Panetta warns against sweeping defense budget cuts
WASHINGTON (Reuters) - Defense Secretary Leon Panetta warned on Wednesday that any across-the-board cuts to defense spending as part of the next stage of deficit reduction efforts could do "real damage" to national security.
Such sweeping cuts would require furloughing thousands of Defense Department personnel, disrupt arms programs and probably slice $50 billion to $60 billion, roughly 10 percent, from the Pentagon's budget per year, a senior official told reporters.
This would be on top of about $350 billion in security spending savings in the first phase of a deficit-cutting package signed into law on Tuesday by President Barack Obama in a deal to lift country's $14.3 trillion debt ceiling.
The hard-fought legislative deal calls for the $350 billion in savings over the coming decade against a Congressional Budget Office "baseline" projection, most of it likely to be borne by the Defense Department as part of at least $2.1 trillion in budget savings overall.
Panetta said a potential second round of cuts in security spending estimated at about $600 billion from fiscal 2012 to 2021 would be "completely unacceptable."
"If that happens, it could trigger a round of dangerous across-the-board defense cuts that would do real damage to our security, our troops and their families, and our ability to protect the nation," he said in a message to Defense Department personnel.
This was unacceptable "because we live in a world where terrorist networks threaten us daily, rogue nations seek to develop dangerous weapons, and rising powers watch to see if America will lose its edge," Panetta said.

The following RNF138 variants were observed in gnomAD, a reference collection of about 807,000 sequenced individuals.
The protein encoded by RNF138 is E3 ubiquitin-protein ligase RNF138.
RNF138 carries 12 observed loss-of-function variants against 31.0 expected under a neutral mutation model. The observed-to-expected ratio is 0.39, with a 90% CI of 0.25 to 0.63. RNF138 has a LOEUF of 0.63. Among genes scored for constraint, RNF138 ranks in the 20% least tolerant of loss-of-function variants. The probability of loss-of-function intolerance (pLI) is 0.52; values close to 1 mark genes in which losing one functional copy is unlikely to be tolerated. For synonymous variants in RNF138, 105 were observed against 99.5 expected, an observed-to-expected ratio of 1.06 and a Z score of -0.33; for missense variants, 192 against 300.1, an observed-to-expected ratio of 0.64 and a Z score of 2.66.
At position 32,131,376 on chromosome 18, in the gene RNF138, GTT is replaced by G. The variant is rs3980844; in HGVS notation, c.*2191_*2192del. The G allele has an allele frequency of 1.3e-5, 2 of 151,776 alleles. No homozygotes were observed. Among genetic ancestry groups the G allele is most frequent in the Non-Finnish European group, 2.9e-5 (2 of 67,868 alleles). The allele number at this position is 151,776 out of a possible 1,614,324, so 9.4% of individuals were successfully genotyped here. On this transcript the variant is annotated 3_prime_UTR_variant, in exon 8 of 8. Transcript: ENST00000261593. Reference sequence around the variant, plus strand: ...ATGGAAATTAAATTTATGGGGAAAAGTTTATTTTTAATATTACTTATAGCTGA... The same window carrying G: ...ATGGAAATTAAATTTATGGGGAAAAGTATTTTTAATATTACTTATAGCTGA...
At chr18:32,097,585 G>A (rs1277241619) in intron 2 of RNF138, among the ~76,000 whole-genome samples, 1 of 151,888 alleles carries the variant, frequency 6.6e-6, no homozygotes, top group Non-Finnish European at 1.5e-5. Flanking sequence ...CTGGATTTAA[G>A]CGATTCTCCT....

"The United States must be able to protect our core national security interests with an adaptable force capable and ready to meet these threats and deter adversaries that would put those interests at risk," he said.
Panetta vowed to work with congressional leaders "to make the common-sense cuts needed to avoid this sequester mechanism."
The senior official who briefed reporters at the Pentagon said the Defense Department was not yet doing any formal planning for across-the-board cuts that would follow any failure by a special, 12-member joint Senate-House of Representatives committee to find at least $1.2 trillion in additional savings. The panel is supposed to do so by November 23.
Instead, the department is hoping that the committee will focus on entitlements and taxes to achieve the required deficit reduction, not take them out of the Pentagon, the official said on condition that he not be named.
The department has begun a strategic review of U.S. military missions and capabilities to guide its belt-tightening efforts. The review's findings are to be unveiled in February at the same time as Obama submits his fiscal 2013 budget request, the official said. He acknowledged that it would have to be reworked if across-the-board Pentagon budget cuts had been triggered by then.
Panetta said the potential deep cut in defense spending was not meant as policy, but "designed to be unpalatable to spur responsible, balanced deficit reduction and avoid misguided cuts to our security."
Admiral Mike Mullen, chairman of the Joint Chiefs of Staff, said he expected much of the budget cut to fall on weapons systems that the Pentagon is developing or planning to buy.
"We've got to take care of our people. We've got to fund the fights that we're in," he said. "I think a significant part of the stuff that we buy ... that slows down or gets eliminated. Poor performing programs, I think, will be killed," he told reporters in Baghdad on Tuesday,
Private budget analysts have called for trimming or canceling some of the military's big-ticket weapons programs. Eliminating the Navy and Marine Corps variants of Lockheed Martin's F-35 Joint Strike Fighter and delaying the Air Force's new Boeing aerial refueling tanker could save $19 billion through 2015, analysts at the Center for American Progress said.
Limiting the Navy's shipbuilding program to a Virginia-class submarine, a destroyer and two Littoral Combat Ships per year could save $20 billion through 2012, a group called the Sustainable Defense Task Force said.